“During my first year trapping, I took 26 coyotes,” Gohagan said. “Can you imagine how many fawns 26 coyotes can eat? In my opinion, trapping is the most crucial part of game management.”
Gohagan generally uses live traps or rubber-jawed traps to avoid unwanted injury to animals. Not all animals that are caught are harvested, some are relocated. He baits these traps with commercial baits, often made of meat glands, crawfish oil, or shellfish oil. The smellier the bait, the better. Gohagan also sets conibear and snare traps for otters, which can wreak havoc on the fish population in a farm pond, and beavers, which can be downright destructive and expensive to deal with.
Did you catch that? This modern day St. Francis catches coyotes because he’s worried they’ll eat fawns and they’ll be less deer to hunt. No I’m not kidding. And he catches OTTER because you know, they eat all the fish which means we can’t catch them!
And the beaver? We’ll they’re just downright destructive!
There aren’t many trappers around these here parts because, frankly, it’s hard work and there isn’t any money in it.
“It’s a lost art,” says Gohagan. “There are only a handful of us left. This involves a lot of early, cold mornings. You have to be out there every morning, checking your traps at daylight. By law, you have to check them every 24 hours…It’s a good bit of work and it ain’t for a lazy person, that’s for sure.”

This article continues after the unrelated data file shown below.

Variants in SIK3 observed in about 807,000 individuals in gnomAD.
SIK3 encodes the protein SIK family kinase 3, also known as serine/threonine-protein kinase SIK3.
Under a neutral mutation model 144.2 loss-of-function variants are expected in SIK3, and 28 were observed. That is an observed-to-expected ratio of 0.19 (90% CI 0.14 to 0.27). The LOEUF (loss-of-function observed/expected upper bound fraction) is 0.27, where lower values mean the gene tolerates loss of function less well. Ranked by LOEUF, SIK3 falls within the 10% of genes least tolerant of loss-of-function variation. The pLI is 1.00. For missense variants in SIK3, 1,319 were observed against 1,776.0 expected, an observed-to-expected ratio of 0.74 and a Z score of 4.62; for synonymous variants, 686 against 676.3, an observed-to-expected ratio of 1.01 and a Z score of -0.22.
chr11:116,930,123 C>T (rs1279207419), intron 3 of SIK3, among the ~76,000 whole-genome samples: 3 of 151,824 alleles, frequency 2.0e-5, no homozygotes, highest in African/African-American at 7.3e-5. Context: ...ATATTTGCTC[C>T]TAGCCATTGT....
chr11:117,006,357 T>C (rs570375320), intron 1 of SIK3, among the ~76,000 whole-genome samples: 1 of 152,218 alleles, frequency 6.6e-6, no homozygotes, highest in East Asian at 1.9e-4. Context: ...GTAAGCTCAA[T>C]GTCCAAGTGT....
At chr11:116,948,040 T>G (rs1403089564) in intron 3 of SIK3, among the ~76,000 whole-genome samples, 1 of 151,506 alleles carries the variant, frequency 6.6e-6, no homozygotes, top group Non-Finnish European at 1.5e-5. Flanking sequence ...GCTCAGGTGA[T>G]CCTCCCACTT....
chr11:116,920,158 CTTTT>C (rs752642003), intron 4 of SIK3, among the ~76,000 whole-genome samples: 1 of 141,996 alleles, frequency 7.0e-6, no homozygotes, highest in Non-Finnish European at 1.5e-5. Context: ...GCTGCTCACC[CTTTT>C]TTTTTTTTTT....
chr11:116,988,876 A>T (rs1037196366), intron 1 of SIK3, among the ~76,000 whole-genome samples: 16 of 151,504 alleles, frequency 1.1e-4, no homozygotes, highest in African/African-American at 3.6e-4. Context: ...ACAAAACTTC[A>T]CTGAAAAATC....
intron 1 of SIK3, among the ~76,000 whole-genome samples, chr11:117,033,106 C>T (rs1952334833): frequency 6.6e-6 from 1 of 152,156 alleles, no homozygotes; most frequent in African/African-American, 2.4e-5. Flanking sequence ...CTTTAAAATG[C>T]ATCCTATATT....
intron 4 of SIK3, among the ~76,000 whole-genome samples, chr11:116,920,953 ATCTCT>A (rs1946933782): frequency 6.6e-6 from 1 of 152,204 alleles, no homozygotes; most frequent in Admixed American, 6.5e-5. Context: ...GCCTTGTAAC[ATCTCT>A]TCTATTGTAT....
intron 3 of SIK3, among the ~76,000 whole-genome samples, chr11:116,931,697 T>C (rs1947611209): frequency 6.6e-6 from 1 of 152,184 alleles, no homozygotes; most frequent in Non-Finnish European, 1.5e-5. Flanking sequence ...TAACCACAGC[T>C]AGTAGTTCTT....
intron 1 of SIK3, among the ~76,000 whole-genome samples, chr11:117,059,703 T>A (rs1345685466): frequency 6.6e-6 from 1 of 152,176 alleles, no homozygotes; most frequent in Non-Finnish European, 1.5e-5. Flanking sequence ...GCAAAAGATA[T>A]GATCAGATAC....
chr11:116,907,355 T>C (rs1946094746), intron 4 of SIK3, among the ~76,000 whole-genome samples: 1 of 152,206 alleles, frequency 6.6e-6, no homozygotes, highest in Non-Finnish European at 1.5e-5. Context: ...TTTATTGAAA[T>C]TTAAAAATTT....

I really really believe it. Serial killing is time consuming and not for the feint of heart. Ruining nature takes a lot of time and effort and one has to climb into muddy waters and dark holes to get it done. You can’t just wait for death to come to you. You have to wake up and MAKE it!
Perhaps the most rewarding part of this interesting hobby—or mission, as Gohagan thinks of it—are the positive phone calls and remarks from hunters and landowners.
“My favorite part is hearing from the landowners about the number of fawns they are seeing, or their wildlife numbers going up. Plus, I just like outsmarting coyotes. I enjoy it and I wish more people would get involved in trapping. You get to spend time outdoors, away from society, and you get to help wildlife.
Help wildlife? Are you kidding me? “Please don’t help me, next” (Says every wild thing ever.) I suppose I can imagine a little socipathic ‘Dexter” type praising his true calling by lying this way, but it is BEYOND me why any reporter worth his spit would write down the ridiculous lies he spouts as if it were true.
Megan Isadore says it’s because the trapping lobby is well-funded by the NRA and works hard to promote the North American Model (NAM) which emphasizes that trapping is necessary for wildlife conservation, This article and others like it is a symbol of their success.
Maybe. But I’m partial to the notion that these “man-crushes” seize reporters because they are sick of their desk jobs, copy machines and coffee cups and like to imagine themselves on the great frontier swinging a pelt over their shoulders. (more…)